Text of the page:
double t = Double.IsPositiveInfinity(v) ? 2.4 : Math.Sqrt(m*m+v);
                double a = Math.Tanh(t/2)/(2*t);
                double s = sample ? 1 : -1;
                return Gaussian.FromMeanAndPrecision(s/(2*a), a);
            }
        }
    }

     

    Friday, June 3, 2011 5:14 PM
  • John Guiver replied on 06-09-2009 8:31 AM

    Here's the usage for the previous post. Simplest example for a single observation:

    Variable<double> w = Variable.GaussianFromMeanAndPrecision(1.2, 0.4);
    Variable<bool> y = Variable.BernoulliFromLogOdds(w);
    InferenceEngine ie = new InferenceEngine(new VariationalMessagePassing());
    y.ObservedValue = true;
    Gaussian wPosterior = ie.Infer<Gaussian>(w);

    If you want to compute evidence, you can put in an If block as usual:

    Variable<bool> evidence = Variable.Bernoulli(0.5);
    IfBlock block = Variable.If(evidence);
    Variable<double> w = Variable.GaussianFromMeanAndPrecision(1.2, 0.4);
    Variable<bool> y = Variable.BernoulliFromLogOdds(w);
    block.CloseBlock();
    y.ObservedValue = true;
    Gaussian wPosterior = ie.Infer<Gaussian>(w);
    Bernoulli e = ie.Infer<Bernoulli>(evidence)

    Let usknow how it goes if you decide to use these.

    John G

    Friday, June 3, 2011 5:15 PM
  • Ferrum replied on 06-09-2009 9:18 AM

    Excellent, thanks!

    Friday, June 3, 2011 5:15 PM
  • minka replied on 06-10-2009 8:17 AM

    Yes, the Gaussian noise here is important since it encodes how much noise is expected in the dataset.  If you use zero noise, then you are implying that the classes are perfectly separable by a line.  If this is not the case, then EP will usually crash since the posterior distribution is empty.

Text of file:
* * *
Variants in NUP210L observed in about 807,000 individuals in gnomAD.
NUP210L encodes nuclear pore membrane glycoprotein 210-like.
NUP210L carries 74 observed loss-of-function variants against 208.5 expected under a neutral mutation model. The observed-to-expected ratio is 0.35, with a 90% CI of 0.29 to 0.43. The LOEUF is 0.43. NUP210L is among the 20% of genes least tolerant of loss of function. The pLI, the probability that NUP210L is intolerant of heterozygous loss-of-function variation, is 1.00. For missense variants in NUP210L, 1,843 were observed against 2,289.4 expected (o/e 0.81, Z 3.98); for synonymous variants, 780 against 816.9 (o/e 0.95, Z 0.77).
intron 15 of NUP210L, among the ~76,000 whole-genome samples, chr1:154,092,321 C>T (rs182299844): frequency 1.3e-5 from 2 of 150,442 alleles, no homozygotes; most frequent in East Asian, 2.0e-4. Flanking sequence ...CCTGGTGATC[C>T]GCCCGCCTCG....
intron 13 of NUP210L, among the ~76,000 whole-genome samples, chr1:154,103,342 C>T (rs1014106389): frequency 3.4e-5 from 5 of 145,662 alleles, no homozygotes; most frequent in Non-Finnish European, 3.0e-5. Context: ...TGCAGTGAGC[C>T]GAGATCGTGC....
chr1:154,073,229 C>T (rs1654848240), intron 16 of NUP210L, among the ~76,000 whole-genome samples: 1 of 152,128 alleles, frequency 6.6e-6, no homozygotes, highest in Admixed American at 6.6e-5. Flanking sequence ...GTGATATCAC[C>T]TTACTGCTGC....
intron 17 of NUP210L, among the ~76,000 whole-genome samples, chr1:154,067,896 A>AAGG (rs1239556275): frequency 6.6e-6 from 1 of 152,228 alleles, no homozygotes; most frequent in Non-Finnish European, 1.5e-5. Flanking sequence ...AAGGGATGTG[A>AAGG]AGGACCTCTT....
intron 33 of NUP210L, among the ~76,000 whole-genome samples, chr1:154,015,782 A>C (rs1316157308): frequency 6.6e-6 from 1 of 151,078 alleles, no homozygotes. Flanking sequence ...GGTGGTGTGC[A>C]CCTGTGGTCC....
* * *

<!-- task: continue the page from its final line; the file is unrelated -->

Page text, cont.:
Friday, June 3, 2011 5:15 PM
  • Alvin Kaule replied on 06-10-2009 2:55 PM

    Hi John,

    Will you make support for binomial variables with Bayesian Logistic Regression?

    I would like to apply following BUGS model using Infer.Net:

    model {
        for (i in 1:N)
        {
            y[ i ] ~ dbin(p[ i ], n[ i ])
            logit(p[ i ]) <- inprod(x[ i,], w[])
        }   
        for (j in 1:m)
        {
            w[ j ] ~ dnorm(0, tau[ j ])
            tau[ j ] ~ dgamma(0.001, 0.001)
        }   
    }

    Best regards   

    Alvin

    Friday, June 3, 2011 5:15 PM
  • Vincent Tan replied on 06-11-2009 1:14 PM

    Hi John G,

    This is not really an Infer.NET question but rather a question about the multiclass BPM model in the link you posted.

    Am I right to say that in the multiclass probit model, there is no indeterminacy in the weights w_1, ..., w_K because we impose a VectorGaussian(0,I) prior on each weight vector? I ask this because the multiclass model does not seem to reduce to the binary classification model since there are two sets of weights in the multiclass model (when K=2) but for the BPM model in the tutorials, there is only 1 set of weights.

    Thanks once again, Vincent.

    Friday, June 3, 2011 5:15 PM
  • minka replied on 06-11-2009 1:48 PM

    Yes, this will be supported in the next beta release.

    Friday, June 3, 2011 5:15 PM
  • minka replied on 06-17-2009 10:10 AM

    Yes, there is no indeterminacy in the weights when you impose a proper prior.

    Friday, June 3, 2011 5:15 PM
  • Vincent Tan replied on 07-15-2009 6:47 PM

    Hi John G,

    Thanks for the BernoulliFromLogOdds factor and the example. The Bayesian logistic regression model seems to work very well on a binary classification task. The weights inferred make sense.

    I was wondering whether ti's straightforward to extend the model to a softmax or multiclass logistic regression model. I would imagine that instead of doing Variable.BernoulliFromLogOdds(w), I would have to impose pairwise constraints on a set of weights and the training vectors. 

    Any help (including code snippets) would be greatly appreciated.

    Thanks,

    Vincent

    Friday, June 3, 2011 5:15 PM
  • minka replied on 07-16-2009 8:00 AM